Submit support requests and browse self-service resources.
A contract consultant for Axalta Coating Systems LLC (formerly Dupont Pharmaceuticals) creates a solution using Oracle's external procedure feature so that he is able to call a C function from the IMSL C Numerical Library (CNL) directly from PL/SQL. This allows for complicated analysis of large data sets to be done almost instantly calling the third party IMSL C Numerical Library directly from Oracle.
When it comes to database design and statistical programming tools, there is one name at the front of Stephen J. Cottrell's Rolodex - IMSL. As principal of a Villanova, Pennsylvania-based technical consulting practice that bears his name, Cottrell has over 13 years of experience with pharmaceutical and chemical industry firms, including five years at the former Sterling Winthrop, Inc.
As a contract consultant to the Leads Discovery group at Axalta Coating Systems LLC (formerly Dupont Pharmaceuticals), Cottrell's responsibilities include technical support for a large-volume Oracle database that houses biological results from high-throughput screening. In addition to managing the Leads Discovery research database, he assists Axalta Coating Systems scientists by developing statistical applications for analyzing research data.
According to Cottrell, the sheer volume of data generated by the scientists and researchers presents some unique analysis challenges.
Because of the high volume of data associated with high-throughput screening, the only way desktop statistical applications work is to have all the background processing done directly in Oracle using PL/SQL, the Oracle programming language. Although executing the analysis programming in PL/SQL is efficient and the Oracle statistical toolset provides solid functionality, I needed more robust statistical analysis routines to meet the demanding needs of my clients.
Cottrell's innovative solution was to utilize Oracle's little-known external procedure feature, which gives programmers the ability to call a C function directly from PL/SQL, essentially creating a new stored procedure within the Oracle programming environment.
Theoretically, this feature makes it possible to perform even the most complex numerical calculations entirely within the Oracle environment. Recognizing the potential of this feature, I requested that management purchase a Unix server license of the IMSL C Numerical Library.
First released in 1990, CNL is a comprehensive set of more than 370 mathematical and statistical analysis functions that C/C++ programmers can embed directly into their numerical analysis applications. Many of CNL's functions are based upon corresponding routines from the highly regarded IMSL Fortran Numerical Library, which was first released in 1970. Since that time, programmers in industries ranging from engineering test and analysis to space physics to business and finance and the earth sciences have used IMSL routines to build their applications.
The benefits of using CNL are many; foremost among them is an acceleration of application development and the corresponding savings in time and expense. Organizations that develop their own algorithms will invest as much money in building a single algorithm as it costs to buy and deploy the entire CNL.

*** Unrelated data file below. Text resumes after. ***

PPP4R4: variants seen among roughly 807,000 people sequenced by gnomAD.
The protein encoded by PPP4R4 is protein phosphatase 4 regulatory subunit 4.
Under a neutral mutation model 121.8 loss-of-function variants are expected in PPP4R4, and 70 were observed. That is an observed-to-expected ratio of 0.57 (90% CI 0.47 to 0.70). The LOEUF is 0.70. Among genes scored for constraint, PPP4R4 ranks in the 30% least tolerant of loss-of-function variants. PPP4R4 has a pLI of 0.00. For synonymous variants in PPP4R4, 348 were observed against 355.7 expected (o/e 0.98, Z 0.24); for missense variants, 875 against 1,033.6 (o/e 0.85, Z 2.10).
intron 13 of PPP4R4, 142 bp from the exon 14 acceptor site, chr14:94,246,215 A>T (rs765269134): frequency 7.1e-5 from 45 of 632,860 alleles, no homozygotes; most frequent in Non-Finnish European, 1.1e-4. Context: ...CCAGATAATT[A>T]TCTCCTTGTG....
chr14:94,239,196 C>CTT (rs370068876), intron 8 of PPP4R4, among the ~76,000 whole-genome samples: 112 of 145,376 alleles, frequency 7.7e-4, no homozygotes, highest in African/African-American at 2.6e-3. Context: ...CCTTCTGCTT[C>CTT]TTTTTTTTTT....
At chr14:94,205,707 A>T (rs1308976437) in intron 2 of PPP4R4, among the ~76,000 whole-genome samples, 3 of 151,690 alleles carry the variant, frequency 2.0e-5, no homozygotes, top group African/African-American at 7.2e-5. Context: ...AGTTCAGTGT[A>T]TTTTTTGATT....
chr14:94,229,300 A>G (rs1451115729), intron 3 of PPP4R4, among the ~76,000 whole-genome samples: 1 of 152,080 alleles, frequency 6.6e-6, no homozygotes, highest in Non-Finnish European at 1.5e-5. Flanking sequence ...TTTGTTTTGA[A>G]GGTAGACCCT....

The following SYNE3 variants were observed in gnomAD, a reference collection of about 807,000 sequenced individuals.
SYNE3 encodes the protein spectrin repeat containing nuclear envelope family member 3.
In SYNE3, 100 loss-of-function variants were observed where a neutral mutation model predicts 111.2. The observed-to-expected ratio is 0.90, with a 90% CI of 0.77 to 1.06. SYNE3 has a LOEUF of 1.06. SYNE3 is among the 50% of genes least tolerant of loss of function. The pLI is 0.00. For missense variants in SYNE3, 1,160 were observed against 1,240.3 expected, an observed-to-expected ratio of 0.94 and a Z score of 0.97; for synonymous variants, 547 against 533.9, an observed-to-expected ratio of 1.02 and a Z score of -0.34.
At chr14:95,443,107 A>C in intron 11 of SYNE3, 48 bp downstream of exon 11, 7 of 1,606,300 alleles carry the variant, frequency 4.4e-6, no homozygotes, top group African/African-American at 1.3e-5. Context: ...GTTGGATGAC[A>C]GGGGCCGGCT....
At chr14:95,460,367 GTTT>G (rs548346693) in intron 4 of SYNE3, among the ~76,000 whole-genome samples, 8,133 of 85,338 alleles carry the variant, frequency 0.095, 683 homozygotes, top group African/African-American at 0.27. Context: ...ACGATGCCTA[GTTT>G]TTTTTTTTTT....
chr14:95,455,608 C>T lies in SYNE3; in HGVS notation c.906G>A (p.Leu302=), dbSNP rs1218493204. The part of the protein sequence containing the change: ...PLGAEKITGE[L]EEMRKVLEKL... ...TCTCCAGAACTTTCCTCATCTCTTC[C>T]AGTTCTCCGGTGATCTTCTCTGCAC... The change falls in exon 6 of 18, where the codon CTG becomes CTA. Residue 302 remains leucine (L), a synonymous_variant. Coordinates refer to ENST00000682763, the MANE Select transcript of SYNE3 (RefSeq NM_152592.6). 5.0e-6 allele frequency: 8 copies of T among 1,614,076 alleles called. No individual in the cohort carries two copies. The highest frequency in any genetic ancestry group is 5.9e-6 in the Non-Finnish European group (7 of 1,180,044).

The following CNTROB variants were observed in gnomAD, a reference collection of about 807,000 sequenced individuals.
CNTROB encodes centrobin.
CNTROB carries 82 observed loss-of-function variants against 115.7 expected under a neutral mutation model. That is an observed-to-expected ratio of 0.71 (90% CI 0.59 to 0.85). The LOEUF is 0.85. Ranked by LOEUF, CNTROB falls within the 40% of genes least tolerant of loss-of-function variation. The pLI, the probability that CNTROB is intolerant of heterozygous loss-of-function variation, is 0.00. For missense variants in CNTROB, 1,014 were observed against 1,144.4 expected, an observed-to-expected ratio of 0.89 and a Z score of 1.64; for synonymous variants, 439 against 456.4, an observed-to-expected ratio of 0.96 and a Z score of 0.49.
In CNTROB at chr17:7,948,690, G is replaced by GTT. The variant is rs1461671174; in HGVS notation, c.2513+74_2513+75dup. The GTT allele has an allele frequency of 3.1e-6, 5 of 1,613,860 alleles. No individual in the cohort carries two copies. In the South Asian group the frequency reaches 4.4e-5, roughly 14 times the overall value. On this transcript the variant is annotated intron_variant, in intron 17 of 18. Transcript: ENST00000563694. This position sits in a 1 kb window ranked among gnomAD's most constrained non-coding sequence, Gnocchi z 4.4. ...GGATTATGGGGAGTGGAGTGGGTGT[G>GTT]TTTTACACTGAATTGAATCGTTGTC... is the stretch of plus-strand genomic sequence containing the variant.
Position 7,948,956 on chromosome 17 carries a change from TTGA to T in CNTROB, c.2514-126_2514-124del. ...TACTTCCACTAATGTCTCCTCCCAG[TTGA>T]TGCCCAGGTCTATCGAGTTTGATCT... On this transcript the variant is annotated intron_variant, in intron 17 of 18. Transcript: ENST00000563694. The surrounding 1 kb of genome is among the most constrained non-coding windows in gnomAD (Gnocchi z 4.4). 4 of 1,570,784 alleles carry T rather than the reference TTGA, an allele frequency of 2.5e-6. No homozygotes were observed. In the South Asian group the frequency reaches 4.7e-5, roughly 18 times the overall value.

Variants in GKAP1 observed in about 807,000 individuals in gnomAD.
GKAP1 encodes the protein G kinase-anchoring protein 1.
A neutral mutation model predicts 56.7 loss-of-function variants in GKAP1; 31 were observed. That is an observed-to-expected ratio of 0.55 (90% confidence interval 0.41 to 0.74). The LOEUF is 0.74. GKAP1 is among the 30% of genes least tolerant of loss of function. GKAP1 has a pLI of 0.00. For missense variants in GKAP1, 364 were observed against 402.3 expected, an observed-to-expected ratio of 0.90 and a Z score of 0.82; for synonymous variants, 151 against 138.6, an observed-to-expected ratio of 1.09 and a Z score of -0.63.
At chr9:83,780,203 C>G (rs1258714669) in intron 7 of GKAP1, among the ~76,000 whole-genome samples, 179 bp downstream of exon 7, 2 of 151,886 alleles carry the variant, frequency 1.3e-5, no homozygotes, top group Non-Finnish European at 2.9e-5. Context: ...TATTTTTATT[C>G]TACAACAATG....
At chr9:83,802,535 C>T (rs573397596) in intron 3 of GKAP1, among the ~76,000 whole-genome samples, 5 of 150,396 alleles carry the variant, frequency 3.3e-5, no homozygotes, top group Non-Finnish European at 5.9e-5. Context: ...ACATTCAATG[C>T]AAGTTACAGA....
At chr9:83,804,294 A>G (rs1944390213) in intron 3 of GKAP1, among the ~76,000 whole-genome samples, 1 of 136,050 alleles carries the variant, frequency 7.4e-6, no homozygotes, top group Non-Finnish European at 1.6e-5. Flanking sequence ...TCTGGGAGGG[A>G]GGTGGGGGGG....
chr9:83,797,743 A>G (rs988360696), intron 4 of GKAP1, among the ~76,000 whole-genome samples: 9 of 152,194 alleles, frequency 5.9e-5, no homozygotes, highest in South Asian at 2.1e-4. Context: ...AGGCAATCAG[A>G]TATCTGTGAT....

Although no Oracle documentation was found that addressed the possibility of calling a third-party library from Oracle, Cottrell managed to do just that. The Oracle interface application, developed using Microsoft tools such as Access 97 and Visual Basic, accepts user input to identify the Oracle data of interest and to specify the relevant analysis parameters. This information is relayed to Oracle, which passes the information to the appropriate IMSL function via a PL/SQL stored procedure. The IMSL function passes the return arguments to the PL/SQL procedure, which then returns the results to the screen.
"Even for complicated analysis of large data sets, the entire process is completed almost instantly," Cottrell said. "The discovery of this method opens up an unlimited set of opportunities for developing leading-edge analysis tools."
Before applying the IMSL tools to his work at Axalta Coating Systems, Cottrell needed to export data from Oracle into a Unix operating system file, transfer the file to the Windows NT server, and then load the file into the appropriate statistical software. "Obviously, being able to call the IMSL functions directly into Oracle is a significant productivity enhancement," he said.
Cottrell, who first used the IMSL tools as a graduate student at the University of Delaware in 1985, decided to go with CNL because it was the only statistical library he found that is written in C, which is required by the Oracle external procedure feature; and it is available for Solaris, which is the platform for the Oracle server.
Like all good consultants, Cottrell sees the benefits of the IMSL/Oracle combination through the eyes of his client.
The greatest strength of the IMSL software is that, with the Oracle external procedure feature, it lets DuPont researchers perform advanced statistical analysis without their having to spend time locating and manipulating their data. With the IMSL/Oracle combination, important statistical information is only a button click away.
Try the IMSL Libraries in your application. Request a free trial today.